Blocking high-risk countries

If you experience a high volume of fraudulent orders, your niche is known for fraud of a certain nature, or you just want to avoid the issue altogether, you might decide to actually block customers from certain countries from purchasing. This is a more extreme measure, but it’s not unheard of. Depending on your customer base and where you’re getting the most of your revenue from, having this extra security may or may not be worth the potential lost sales.

Anti-piracy services

If you have the budget to invest in more aggressive anti-piracy measures, there are various services you can use to monitor your products online. These services track and remove pirated versions of your products by crawling websites, apps, and file-sharing services, as well as social, streaming, and peer-to-peer platforms. A good anti-piracy service can be expensive, so it’s important to do a thorough cost-benefit analysis to be sure it’s something that will be worthwhile for you in the end.

The truth is, piracy is simply unavoidable when it comes to selling digital products. However, that’s not to say that you shouldn’t worry about it; rather, you should make your decision based on things like your budget, your niche, and how much it affects your revenue at the end of the day. Fighting piracy on principle alone is tempting, but it’s not what’s going to ultimately benefit you the most.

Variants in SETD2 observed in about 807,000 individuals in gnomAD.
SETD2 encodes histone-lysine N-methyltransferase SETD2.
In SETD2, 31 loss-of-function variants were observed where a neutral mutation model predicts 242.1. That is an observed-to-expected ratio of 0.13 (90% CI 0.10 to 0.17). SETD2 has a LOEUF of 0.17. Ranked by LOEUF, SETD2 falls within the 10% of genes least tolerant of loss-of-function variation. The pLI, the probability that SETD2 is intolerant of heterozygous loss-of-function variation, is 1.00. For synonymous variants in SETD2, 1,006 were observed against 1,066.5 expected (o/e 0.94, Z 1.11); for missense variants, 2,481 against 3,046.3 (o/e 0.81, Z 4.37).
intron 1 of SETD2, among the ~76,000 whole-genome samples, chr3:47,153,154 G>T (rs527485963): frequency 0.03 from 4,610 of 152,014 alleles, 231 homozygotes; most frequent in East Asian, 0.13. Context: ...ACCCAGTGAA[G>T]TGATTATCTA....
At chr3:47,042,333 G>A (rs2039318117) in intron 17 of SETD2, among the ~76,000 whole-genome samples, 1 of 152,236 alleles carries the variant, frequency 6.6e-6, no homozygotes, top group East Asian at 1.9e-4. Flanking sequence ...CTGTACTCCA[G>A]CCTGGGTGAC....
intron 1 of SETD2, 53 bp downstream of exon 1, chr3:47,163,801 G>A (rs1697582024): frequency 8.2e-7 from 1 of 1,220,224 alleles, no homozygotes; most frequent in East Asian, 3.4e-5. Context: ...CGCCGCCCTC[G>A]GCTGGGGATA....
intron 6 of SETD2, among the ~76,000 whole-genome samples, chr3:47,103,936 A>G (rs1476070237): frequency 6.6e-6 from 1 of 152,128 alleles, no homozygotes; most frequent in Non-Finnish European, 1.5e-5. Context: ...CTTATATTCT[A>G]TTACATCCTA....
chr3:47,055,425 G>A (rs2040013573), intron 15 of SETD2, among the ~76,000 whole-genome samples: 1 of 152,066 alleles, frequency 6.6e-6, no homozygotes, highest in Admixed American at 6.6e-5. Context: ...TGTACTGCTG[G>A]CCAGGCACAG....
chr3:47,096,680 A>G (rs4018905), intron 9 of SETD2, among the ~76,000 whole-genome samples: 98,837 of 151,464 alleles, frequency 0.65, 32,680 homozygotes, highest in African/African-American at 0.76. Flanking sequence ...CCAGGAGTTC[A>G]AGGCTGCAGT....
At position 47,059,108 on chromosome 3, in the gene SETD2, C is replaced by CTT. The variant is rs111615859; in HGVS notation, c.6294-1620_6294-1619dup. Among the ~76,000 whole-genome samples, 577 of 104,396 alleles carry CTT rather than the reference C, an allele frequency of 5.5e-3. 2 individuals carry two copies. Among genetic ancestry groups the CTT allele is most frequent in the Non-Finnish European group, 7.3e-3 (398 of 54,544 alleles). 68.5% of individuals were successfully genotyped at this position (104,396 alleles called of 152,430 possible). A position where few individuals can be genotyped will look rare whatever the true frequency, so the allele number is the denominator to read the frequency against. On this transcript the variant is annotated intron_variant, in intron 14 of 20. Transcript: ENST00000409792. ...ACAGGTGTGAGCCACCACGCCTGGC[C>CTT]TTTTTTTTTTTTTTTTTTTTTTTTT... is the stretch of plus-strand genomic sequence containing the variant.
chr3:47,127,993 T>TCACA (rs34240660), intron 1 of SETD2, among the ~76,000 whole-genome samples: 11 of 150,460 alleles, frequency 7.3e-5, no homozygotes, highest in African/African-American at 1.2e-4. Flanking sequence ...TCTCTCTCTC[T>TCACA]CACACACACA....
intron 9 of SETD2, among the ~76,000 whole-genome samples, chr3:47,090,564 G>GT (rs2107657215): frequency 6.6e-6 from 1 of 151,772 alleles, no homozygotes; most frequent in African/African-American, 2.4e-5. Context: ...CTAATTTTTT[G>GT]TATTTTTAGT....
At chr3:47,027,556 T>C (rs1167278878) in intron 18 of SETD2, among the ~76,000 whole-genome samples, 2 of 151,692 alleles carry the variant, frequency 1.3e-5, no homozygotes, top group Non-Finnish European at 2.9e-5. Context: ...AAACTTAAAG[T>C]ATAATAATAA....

Legal purchase incentives

Another angle is to include free updates, add-ons, or other special bonuses with the purchase of your products, requiring proof of purchase to access them. This incentivizes customers to acquire the product legally while putting pirates at a disadvantage. You could even structure your products (and pricing) to account for this by offering valuable portions of content or complementary bonuses that enhance the use of the product by a significant margin.

Of course, some customers will probably end up sharing their purchases and companion content with their friends. But, as a general approach, this can be an effective way to push your customer culture toward buying the real deal.

File protection and watermarking

With certain types of digital products, such as software and documents, using file protection works well for restricting product access to paying customers. Protecting your files in this way means that users need to either enter a password or provide some other form of authentication (such as a license key) to open the file.

Of course, an extremely dedicated pirate may still be able to work around it – but generally speaking, file protection can be a reasonably effective measure!

When it comes to many other types of products like photographs, graphics and digital artwork, video, and audio and music (especially stock photos, graphics, videos, and audio), watermarking is a standard practice to prevent unauthorized use. With images, it’s pretty simple: just add an opaque logo or some text (such as © Your Business Name 2019) over the image – either manually using photo editing software or by using batch watermarking tools.

Stock photo watermark (Shutterstock)

With video, it’s a similar process; you can simply add your logo, business name, or other text over the video using video editing software. Even audio can be watermarked – and tools like AG Audio Watermark Generator can be useful for adding custom watermarks, as well as batch processing and converting multiple audio files.